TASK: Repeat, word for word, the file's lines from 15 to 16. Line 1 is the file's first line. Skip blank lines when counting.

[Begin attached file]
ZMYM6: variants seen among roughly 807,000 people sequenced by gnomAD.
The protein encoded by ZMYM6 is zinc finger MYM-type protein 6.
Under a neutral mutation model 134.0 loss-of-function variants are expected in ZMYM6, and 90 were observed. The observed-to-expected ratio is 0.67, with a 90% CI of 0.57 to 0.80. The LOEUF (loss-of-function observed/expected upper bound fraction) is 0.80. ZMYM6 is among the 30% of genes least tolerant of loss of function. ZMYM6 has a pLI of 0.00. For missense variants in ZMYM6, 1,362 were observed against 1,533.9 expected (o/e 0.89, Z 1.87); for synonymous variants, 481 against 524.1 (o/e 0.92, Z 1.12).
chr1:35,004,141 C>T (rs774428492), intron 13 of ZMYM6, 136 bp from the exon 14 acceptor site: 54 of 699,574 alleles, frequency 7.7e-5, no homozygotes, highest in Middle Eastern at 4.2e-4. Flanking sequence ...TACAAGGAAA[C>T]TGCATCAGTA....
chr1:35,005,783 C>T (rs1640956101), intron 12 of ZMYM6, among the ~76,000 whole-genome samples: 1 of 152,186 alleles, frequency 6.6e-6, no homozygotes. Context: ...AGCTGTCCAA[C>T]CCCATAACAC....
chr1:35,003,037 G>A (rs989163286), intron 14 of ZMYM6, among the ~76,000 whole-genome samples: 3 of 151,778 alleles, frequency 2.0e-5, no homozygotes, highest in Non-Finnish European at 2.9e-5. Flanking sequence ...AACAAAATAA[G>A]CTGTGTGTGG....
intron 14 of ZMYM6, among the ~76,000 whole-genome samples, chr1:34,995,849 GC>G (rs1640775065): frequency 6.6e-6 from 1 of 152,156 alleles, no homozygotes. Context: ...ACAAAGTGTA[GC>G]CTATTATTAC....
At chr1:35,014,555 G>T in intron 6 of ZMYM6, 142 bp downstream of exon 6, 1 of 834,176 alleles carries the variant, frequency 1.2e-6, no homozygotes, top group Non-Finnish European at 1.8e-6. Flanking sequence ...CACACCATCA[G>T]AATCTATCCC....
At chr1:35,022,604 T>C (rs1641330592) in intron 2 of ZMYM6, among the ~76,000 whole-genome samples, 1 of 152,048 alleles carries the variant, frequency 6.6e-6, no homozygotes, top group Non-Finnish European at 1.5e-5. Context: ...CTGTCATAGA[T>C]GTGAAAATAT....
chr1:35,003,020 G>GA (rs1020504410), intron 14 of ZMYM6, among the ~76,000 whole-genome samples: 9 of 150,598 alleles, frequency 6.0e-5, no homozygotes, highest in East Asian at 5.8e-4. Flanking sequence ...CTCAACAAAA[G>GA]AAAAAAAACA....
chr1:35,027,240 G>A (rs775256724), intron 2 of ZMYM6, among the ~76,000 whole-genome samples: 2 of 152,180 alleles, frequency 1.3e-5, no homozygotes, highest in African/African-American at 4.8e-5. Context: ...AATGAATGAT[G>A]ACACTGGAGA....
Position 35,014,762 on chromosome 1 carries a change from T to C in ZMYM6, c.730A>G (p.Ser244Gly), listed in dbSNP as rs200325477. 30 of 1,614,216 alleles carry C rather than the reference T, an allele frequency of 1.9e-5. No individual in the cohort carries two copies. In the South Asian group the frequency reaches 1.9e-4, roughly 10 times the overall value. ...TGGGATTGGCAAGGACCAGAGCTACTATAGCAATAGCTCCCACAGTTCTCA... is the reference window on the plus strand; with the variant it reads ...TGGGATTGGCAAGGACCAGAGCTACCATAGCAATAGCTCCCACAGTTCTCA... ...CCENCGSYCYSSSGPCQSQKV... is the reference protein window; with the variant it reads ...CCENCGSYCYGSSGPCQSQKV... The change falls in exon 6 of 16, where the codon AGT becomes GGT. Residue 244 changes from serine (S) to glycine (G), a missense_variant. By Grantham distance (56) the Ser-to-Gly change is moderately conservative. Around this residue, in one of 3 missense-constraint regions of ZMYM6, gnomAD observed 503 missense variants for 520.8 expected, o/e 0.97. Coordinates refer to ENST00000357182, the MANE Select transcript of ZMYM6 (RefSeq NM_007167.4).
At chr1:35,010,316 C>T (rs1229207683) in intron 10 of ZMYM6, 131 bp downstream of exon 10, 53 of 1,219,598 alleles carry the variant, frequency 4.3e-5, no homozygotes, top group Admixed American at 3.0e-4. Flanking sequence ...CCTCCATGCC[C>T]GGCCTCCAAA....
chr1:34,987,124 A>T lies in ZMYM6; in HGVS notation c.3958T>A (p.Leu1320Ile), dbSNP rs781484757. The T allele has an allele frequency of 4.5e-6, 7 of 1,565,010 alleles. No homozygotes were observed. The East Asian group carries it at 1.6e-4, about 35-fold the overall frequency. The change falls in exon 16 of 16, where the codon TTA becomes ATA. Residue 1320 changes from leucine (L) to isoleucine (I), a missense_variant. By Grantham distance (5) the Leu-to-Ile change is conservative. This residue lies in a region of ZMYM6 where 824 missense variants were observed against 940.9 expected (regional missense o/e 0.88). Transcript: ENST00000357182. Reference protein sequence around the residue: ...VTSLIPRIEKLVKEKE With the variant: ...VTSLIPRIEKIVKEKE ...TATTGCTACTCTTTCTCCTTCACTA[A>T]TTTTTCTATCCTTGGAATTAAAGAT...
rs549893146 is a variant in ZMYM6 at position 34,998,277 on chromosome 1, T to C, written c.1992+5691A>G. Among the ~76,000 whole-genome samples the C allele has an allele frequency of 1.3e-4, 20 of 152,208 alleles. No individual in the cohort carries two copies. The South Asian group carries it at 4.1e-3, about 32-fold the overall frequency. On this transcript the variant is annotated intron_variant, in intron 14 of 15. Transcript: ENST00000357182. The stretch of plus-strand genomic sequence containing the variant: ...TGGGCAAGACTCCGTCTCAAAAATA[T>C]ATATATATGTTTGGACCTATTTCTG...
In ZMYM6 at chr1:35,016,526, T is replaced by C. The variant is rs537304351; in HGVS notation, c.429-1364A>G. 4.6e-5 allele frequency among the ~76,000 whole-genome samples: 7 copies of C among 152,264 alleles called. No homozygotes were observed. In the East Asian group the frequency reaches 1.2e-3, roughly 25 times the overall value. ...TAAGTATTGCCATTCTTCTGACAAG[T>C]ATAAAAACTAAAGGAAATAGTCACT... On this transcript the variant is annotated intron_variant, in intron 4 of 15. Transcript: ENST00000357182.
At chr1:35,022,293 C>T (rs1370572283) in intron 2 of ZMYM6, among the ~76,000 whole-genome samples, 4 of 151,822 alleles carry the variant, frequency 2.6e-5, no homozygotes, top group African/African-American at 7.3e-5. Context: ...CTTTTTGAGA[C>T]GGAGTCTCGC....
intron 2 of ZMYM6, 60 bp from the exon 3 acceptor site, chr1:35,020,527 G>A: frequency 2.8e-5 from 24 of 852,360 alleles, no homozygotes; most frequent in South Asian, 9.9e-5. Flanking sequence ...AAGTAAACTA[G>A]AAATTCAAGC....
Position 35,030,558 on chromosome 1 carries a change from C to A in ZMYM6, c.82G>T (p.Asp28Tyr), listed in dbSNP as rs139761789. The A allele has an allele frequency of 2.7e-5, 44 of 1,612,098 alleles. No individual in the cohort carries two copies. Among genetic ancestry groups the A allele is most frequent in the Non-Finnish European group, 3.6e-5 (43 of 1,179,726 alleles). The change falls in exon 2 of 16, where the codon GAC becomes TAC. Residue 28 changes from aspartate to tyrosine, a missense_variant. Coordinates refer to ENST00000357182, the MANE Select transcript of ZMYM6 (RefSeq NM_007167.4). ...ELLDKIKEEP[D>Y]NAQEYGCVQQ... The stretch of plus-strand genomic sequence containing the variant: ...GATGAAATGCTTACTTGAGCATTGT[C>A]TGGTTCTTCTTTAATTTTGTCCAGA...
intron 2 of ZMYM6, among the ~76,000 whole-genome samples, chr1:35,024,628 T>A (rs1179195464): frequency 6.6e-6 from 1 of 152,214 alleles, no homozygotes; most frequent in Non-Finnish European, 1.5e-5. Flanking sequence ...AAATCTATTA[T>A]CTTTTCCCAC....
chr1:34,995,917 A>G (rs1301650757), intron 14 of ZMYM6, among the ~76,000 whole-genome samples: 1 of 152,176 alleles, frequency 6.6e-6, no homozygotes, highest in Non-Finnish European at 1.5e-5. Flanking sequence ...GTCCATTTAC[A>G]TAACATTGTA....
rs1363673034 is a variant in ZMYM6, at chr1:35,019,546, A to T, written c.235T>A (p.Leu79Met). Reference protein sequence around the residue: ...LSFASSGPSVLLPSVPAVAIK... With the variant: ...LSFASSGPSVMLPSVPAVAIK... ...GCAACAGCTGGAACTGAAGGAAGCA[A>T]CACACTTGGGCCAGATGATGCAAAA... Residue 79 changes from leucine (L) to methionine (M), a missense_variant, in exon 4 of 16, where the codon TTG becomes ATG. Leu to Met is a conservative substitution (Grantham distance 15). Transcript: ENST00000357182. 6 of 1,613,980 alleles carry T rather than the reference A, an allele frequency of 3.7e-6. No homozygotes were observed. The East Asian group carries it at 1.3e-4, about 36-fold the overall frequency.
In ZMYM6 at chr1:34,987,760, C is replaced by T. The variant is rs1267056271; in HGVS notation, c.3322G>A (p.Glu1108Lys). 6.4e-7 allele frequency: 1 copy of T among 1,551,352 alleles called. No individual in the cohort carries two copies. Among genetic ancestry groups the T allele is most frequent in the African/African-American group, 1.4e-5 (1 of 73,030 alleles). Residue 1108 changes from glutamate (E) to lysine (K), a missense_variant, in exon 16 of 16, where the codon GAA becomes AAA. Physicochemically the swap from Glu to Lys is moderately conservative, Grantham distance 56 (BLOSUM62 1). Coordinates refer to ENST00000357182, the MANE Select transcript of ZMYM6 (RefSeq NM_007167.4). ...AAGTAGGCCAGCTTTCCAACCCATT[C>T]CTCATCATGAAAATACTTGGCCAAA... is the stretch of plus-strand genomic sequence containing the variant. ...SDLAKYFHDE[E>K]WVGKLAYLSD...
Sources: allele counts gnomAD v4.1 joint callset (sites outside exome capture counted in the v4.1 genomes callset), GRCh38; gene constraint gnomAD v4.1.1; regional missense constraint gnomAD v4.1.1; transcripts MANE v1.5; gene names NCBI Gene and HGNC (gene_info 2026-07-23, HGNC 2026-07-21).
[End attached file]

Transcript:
rs549893146 is a variant in ZMYM6 at position 34,998,277 on chromosome 1, T to C, written c.1992+5691A>G. Among the ~76,000 whole-genome samples the C allele has an allele frequency of 1.3e-4, 20 of 152,208 alleles. No individual in the cohort carries two copies. The South Asian group carries it at 4.1e-3, about 32-fold the overall frequency. On this transcript the variant is annotated intron_variant, in intron 14 of 15. Transcript: ENST00000357182. The stretch of plus-strand genomic sequence containing the variant: ...TGGGCAAGACTCCGTCTCAAAAATA[T>C]ATATATATGTTTGGACCTATTTCTG...
In ZMYM6 at chr1:35,016,526, T is replaced by C. The variant is rs537304351; in HGVS notation, c.429-1364A>G. 4.6e-5 allele frequency among the ~76,000 whole-genome samples: 7 copies of C among 152,264 alleles called. No homozygotes were observed. In the East Asian group the frequency reaches 1.2e-3, roughly 25 times the overall value. ...TAAGTATTGCCATTCTTCTGACAAG[T>C]ATAAAAACTAAAGGAAATAGTCACT... On this transcript the variant is annotated intron_variant, in intron 4 of 15. Transcript: ENST00000357182.